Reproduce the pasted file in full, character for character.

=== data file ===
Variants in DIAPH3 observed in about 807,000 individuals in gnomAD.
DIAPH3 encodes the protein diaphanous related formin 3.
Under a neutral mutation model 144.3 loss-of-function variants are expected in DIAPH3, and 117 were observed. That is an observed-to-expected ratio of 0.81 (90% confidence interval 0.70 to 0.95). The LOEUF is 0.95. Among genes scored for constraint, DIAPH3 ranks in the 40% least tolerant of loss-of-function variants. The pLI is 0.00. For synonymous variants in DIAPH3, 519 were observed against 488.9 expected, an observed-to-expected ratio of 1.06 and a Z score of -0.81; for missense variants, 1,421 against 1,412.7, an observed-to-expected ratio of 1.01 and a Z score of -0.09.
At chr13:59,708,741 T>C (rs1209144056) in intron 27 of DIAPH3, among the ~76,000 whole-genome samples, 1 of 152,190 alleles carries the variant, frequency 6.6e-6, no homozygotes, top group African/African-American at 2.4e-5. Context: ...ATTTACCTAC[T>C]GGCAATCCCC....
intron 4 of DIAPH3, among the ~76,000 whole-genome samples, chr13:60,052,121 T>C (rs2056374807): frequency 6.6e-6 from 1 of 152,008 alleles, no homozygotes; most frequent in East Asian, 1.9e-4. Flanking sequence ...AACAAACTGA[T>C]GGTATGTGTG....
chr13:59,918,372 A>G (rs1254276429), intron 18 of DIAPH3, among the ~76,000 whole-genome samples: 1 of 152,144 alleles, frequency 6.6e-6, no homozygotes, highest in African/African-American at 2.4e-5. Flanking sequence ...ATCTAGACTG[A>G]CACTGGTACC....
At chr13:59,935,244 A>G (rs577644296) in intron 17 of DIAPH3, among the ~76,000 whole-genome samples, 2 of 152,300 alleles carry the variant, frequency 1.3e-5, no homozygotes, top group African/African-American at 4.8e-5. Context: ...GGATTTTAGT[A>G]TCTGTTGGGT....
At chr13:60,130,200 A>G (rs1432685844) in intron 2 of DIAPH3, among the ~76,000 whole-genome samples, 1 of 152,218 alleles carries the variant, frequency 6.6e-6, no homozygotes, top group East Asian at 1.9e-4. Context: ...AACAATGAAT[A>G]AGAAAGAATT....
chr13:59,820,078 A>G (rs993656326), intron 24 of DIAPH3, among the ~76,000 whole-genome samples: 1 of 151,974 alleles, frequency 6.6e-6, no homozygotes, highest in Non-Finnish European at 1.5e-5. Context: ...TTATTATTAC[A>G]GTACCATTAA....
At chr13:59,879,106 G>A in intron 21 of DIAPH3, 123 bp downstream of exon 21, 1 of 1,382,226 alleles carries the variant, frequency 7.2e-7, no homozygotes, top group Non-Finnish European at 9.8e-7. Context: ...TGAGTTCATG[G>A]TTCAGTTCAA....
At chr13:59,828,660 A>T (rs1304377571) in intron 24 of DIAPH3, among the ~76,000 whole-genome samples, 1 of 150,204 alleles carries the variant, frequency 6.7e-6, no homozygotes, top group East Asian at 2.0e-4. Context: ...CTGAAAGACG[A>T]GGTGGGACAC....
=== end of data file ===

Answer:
Variants in DIAPH3 observed in about 807,000 individuals in gnomAD.
DIAPH3 encodes the protein diaphanous related formin 3.
Under a neutral mutation model 144.3 loss-of-function variants are expected in DIAPH3, and 117 were observed. That is an observed-to-expected ratio of 0.81 (90% confidence interval 0.70 to 0.95). The LOEUF is 0.95. Among genes scored for constraint, DIAPH3 ranks in the 40% least tolerant of loss-of-function variants. The pLI is 0.00. For synonymous variants in DIAPH3, 519 were observed against 488.9 expected, an observed-to-expected ratio of 1.06 and a Z score of -0.81; for missense variants, 1,421 against 1,412.7, an observed-to-expected ratio of 1.01 and a Z score of -0.09.
At chr13:59,708,741 T>C (rs1209144056) in intron 27 of DIAPH3, among the ~76,000 whole-genome samples, 1 of 152,190 alleles carries the variant, frequency 6.6e-6, no homozygotes, top group African/African-American at 2.4e-5. Context: ...ATTTACCTAC[T>C]GGCAATCCCC....
intron 4 of DIAPH3, among the ~76,000 whole-genome samples, chr13:60,052,121 T>C (rs2056374807): frequency 6.6e-6 from 1 of 152,008 alleles, no homozygotes; most frequent in East Asian, 1.9e-4. Flanking sequence ...AACAAACTGA[T>C]GGTATGTGTG....
chr13:59,918,372 A>G (rs1254276429), intron 18 of DIAPH3, among the ~76,000 whole-genome samples: 1 of 152,144 alleles, frequency 6.6e-6, no homozygotes, highest in African/African-American at 2.4e-5. Flanking sequence ...ATCTAGACTG[A>G]CACTGGTACC....
At chr13:59,935,244 A>G (rs577644296) in intron 17 of DIAPH3, among the ~76,000 whole-genome samples, 2 of 152,300 alleles carry the variant, frequency 1.3e-5, no homozygotes, top group African/African-American at 4.8e-5. Context: ...GGATTTTAGT[A>G]TCTGTTGGGT....
At chr13:60,130,200 A>G (rs1432685844) in intron 2 of DIAPH3, among the ~76,000 whole-genome samples, 1 of 152,218 alleles carries the variant, frequency 6.6e-6, no homozygotes, top group East Asian at 1.9e-4. Context: ...AACAATGAAT[A>G]AGAAAGAATT....
chr13:59,820,078 A>G (rs993656326), intron 24 of DIAPH3, among the ~76,000 whole-genome samples: 1 of 151,974 alleles, frequency 6.6e-6, no homozygotes, highest in Non-Finnish European at 1.5e-5. Context: ...TTATTATTAC[A>G]GTACCATTAA....
At chr13:59,879,106 G>A in intron 21 of DIAPH3, 123 bp downstream of exon 21, 1 of 1,382,226 alleles carries the variant, frequency 7.2e-7, no homozygotes, top group Non-Finnish European at 9.8e-7. Context: ...TGAGTTCATG[G>A]TTCAGTTCAA....
At chr13:59,828,660 A>T (rs1304377571) in intron 24 of DIAPH3, among the ~76,000 whole-genome samples, 1 of 150,204 alleles carries the variant, frequency 6.7e-6, no homozygotes, top group East Asian at 2.0e-4. Context: ...CTGAAAGACG[A>T]GGTGGGACAC....